It was a short call.  I returned to the game of cards I was in and considered my options.  I didn’t get a chance.  All of a sudden, this totally ripped, tattoo-covered mountain of a man instantly silenced the whole range by asking “Who hung up the phone?”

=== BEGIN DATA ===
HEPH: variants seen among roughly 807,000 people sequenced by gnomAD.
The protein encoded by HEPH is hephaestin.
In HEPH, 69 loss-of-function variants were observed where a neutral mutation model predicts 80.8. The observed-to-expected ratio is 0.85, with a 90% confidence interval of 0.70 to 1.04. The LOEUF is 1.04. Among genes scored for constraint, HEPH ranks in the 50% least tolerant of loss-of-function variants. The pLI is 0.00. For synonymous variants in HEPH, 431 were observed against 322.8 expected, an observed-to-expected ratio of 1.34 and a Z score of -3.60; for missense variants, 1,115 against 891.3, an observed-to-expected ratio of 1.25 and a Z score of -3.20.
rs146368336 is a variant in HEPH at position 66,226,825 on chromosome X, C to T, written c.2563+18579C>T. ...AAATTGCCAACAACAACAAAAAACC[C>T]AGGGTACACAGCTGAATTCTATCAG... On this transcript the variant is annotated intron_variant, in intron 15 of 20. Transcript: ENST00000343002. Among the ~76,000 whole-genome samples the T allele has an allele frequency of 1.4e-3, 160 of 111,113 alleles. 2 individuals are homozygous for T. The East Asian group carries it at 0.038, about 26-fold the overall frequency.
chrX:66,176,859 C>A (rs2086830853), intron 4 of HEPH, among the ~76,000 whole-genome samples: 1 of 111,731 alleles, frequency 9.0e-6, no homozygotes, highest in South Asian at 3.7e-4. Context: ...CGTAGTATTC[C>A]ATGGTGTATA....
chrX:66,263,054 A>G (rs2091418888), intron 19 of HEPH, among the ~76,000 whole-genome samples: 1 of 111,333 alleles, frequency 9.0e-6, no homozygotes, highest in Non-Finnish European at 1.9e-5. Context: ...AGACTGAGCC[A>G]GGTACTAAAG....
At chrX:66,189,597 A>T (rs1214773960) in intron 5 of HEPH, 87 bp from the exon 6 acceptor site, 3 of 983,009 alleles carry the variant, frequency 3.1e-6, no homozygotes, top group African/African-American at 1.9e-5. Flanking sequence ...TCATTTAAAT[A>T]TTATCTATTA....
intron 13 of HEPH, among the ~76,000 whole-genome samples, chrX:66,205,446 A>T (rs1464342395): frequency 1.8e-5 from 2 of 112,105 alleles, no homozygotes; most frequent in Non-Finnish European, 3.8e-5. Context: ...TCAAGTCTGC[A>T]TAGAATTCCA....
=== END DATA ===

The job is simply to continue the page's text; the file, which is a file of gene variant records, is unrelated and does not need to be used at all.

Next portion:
Well, I’m always someone that owns up to my actions.  I timidly stuck up my hand, and quietly confessed.  I did the right thing and walked over…just in case he wanted to end my feeble existence.  He was mad.  Turning around, talking to himself, he kept repeating “You don’t hang up the receiver if it’s off the hook.”  I was expected a vicious shot in the head at any moment, but meekly explain I hadn’t been in for a while and phones were new to me, and I didn’t know he was using it…I pleaded for my life by admitting my stupidity.  He asked how long I’d been out and how long I’d previously done…when he asked about my history, I had a faint glimmer of hope that I might live through this.  I told him how long I’d served, told him the frigging, low-life Parole board turned me down (something I was sure he could relate to), and how I’d managed to avoid the cops for two years.  My life had stopped flashing before my eyes, as I saw he wasn’t some dumb pile of muscle, and was perhaps putting on a show to make sure everyone on the range knew he was the Alpha male…dispute at your own risk.  He was still turning in circles, but I wasn’t seeing a punch come flying out as he pivoted.  Then he asked me what I was in for: that’s when I hoped he had problems with women, as I wasn’t about to lie about anything.  I said domestic dispute, but nothing happened, I didn’t touch her, and my wife only called the cops because two dick-head neighbors told her what to do.  A few seconds passed, and then he broke out laughing.  He finally mentioned what a bunch of bitches they can turn out to be, then grasped my should in a bear-like grip and said, “Don’t worry about it…just don’t hang up the phone if the receiver is dangling…it usually means someone’s gone for a piss or something and they’ll be right back.  I assured him I would never do something like that again.  That was my first meeting with Karl.